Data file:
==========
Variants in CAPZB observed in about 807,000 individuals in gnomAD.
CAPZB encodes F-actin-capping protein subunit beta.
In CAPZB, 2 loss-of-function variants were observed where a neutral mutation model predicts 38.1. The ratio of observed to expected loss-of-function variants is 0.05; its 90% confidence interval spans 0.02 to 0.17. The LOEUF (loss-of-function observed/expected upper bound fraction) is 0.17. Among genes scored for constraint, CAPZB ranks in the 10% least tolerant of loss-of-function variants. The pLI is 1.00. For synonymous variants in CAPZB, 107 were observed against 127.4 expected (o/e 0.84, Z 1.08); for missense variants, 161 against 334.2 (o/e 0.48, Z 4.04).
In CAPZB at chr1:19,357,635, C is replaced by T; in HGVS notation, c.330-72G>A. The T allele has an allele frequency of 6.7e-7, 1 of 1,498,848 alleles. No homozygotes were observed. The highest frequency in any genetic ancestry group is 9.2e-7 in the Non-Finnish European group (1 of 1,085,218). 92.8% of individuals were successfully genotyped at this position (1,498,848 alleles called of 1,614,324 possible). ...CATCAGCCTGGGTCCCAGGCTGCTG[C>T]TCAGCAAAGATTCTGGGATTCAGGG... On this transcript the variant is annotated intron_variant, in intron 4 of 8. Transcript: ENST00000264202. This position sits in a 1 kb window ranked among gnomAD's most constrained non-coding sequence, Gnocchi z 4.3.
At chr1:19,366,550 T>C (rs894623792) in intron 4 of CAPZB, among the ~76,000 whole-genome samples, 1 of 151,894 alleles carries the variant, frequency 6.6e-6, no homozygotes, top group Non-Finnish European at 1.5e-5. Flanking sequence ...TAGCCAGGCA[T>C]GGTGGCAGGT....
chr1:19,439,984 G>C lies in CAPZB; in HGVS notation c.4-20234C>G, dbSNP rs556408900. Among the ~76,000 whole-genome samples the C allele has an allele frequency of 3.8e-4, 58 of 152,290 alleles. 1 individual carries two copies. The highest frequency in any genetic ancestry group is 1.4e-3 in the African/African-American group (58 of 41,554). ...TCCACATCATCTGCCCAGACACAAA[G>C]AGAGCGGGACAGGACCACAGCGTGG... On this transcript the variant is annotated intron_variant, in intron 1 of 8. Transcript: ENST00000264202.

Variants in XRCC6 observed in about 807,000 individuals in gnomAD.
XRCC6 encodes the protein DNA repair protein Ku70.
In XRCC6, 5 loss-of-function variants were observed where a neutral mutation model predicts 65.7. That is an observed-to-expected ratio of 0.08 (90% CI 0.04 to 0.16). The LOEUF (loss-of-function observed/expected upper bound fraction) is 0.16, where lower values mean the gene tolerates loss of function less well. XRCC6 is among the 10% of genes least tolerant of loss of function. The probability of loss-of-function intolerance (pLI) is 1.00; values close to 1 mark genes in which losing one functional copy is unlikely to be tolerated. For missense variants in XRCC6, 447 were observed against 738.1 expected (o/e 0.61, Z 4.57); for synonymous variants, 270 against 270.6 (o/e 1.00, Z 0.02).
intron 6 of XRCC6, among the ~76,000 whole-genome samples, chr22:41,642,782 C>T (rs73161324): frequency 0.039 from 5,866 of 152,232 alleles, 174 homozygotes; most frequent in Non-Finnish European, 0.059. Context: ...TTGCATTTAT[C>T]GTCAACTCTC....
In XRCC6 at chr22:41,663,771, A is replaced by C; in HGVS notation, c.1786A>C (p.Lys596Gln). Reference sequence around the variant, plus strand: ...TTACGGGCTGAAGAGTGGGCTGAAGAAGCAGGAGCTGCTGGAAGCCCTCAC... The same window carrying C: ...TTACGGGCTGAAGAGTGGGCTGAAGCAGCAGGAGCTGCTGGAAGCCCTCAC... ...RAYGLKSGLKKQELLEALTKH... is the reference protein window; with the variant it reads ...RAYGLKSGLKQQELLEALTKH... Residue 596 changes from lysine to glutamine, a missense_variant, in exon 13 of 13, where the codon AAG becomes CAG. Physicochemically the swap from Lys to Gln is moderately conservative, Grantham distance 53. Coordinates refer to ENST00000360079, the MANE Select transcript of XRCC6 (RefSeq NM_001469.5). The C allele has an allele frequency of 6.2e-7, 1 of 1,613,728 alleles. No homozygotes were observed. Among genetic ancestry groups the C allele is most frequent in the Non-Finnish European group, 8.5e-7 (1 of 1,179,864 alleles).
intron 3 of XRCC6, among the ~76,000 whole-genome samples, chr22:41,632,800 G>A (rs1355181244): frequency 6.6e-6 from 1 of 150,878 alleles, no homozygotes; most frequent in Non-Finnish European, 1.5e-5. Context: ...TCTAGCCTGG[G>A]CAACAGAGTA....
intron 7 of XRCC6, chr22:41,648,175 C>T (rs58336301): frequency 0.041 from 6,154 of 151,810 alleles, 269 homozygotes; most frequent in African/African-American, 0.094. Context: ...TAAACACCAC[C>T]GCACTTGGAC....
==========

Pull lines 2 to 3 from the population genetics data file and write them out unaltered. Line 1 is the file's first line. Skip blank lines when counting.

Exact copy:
CAPZB encodes F-actin-capping protein subunit beta.
In CAPZB, 2 loss-of-function variants were observed where a neutral mutation model predicts 38.1. The ratio of observed to expected loss-of-function variants is 0.05; its 90% confidence interval spans 0.02 to 0.17. The LOEUF (loss-of-function observed/expected upper bound fraction) is 0.17. Among genes scored for constraint, CAPZB ranks in the 10% least tolerant of loss-of-function variants. The pLI is 1.00. For synonymous variants in CAPZB, 107 were observed against 127.4 expected (o/e 0.84, Z 1.08); for missense variants, 161 against 334.2 (o/e 0.48, Z 4.04).